9.3. Case 3

An 86-year-old woman with AF with previous TIA, hypertension, and peripheral vascular disease who lives alone in an area with no easy access to a clinic or community practitioner to monitor INR. Her time in therapeutic range for the last year was 50%. Two months ago she had a significant bruising after a fall and her INR was found to be 5.4. She refused to take warfarin since then.

A patient who spends significant time outside therapeutic range is at risk both of significant bleeding when the INR is high and ischemic stroke when the INR is low. This woman has a CHA2DS2-VASc = 7. Her annual predicted risk of thromboembolism is 10% and therefore she would benefit greatly from anticoagulation. Given the difficulties in maintaining warfarin within therapeutic range, it appears that the risks of warfarin outweigh the potential benefits. Antiplatelet therapy either with aspirin monotherapy or dual therapy with aspirin and clopidogrel will only reduce this patient’s thromboembolic risk moderately. Therefore, in keeping with the findings of the AVERROES trial [28], apixaban 2.5 mg twice daily would be the most appropriate NOAC to use.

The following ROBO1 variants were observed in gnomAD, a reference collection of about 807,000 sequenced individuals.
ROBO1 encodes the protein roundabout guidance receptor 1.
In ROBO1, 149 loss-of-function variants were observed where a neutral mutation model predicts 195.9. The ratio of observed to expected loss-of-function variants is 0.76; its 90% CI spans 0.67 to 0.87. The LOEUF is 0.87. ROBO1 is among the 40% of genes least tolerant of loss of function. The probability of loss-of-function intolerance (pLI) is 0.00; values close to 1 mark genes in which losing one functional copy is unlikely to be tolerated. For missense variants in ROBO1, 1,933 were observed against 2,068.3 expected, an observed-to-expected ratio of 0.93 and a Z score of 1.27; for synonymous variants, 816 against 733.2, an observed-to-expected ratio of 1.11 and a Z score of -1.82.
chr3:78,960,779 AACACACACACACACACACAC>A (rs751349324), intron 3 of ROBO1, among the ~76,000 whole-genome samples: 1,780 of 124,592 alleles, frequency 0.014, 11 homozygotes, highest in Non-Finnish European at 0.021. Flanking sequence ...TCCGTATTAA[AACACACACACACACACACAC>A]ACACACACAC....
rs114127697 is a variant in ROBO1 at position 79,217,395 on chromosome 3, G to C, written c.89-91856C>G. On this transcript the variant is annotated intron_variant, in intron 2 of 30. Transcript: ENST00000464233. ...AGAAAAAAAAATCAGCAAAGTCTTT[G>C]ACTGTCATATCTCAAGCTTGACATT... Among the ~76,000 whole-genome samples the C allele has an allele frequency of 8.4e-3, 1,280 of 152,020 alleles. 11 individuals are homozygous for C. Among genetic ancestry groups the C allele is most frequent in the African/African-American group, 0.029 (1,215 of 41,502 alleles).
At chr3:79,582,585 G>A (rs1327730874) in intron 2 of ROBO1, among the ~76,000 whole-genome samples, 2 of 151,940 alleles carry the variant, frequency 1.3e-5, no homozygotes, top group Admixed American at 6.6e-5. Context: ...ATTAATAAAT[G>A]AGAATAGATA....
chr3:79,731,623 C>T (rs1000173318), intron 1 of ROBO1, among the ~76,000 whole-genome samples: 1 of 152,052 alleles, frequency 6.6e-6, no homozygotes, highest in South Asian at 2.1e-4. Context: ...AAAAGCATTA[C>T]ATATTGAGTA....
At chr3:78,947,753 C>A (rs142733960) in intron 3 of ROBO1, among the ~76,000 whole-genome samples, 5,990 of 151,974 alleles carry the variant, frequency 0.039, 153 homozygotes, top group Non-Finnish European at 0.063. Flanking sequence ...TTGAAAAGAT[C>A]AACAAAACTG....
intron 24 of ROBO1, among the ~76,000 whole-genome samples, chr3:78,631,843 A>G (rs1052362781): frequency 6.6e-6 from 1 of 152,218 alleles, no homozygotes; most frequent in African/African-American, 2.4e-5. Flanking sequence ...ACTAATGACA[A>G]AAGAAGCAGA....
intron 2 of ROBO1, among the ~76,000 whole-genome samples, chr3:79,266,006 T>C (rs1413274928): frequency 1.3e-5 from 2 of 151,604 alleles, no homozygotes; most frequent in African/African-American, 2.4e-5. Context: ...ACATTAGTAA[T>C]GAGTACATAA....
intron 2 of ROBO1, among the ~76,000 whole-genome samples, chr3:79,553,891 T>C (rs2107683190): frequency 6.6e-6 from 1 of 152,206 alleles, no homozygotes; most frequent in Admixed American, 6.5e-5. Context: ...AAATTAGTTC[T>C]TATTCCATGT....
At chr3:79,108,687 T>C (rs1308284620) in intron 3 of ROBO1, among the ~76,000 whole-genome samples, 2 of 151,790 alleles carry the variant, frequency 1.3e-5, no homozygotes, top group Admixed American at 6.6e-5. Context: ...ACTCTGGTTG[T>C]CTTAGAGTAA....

9.4. Case 4

A 55-year-old gentleman with permanent AF, diabetes, hypertension had a coronary drug-eluding stent in his right coronary artery 6 months ago. He tolerated triple therapy (aspirin, warfarin, and clopidogrel) for 6 months and the interventional cardiologists were happy to continue with clopidogrel and warfarin. His time in therapeutic INR is 60–70% and is asking whether warfarin could be substituted by one of the NOACs.

With an aging population facing both coronary disease and AF, this scenario will become more common. A NOAC will not offer any protection from stent thrombosis. Clear guidance from Europe [1] and US [11] recommends triple anticoagulation for 6 months at least. From there on warfarin and clopidogrel are appropriate for another 6 months. The use of a NOAC + clopidogrel (or NOAC and aspirin) might prove superior to warfarin and clopidogrel but this has not been assessed in a trial. There have been some concerns about dabigatran and an increased risk of MI. In this case, on the basis of current evidence, it is appropriate to continue warfarin and clopidogrel and in the future the patient might even continue on warfarin monotherapy [1]. If, however, he refuses warfarin, it would be acceptable to consider a combination of clopidogrel and apixaban or clopidogrel and rivaroxaban although there is no evidence to support this at present.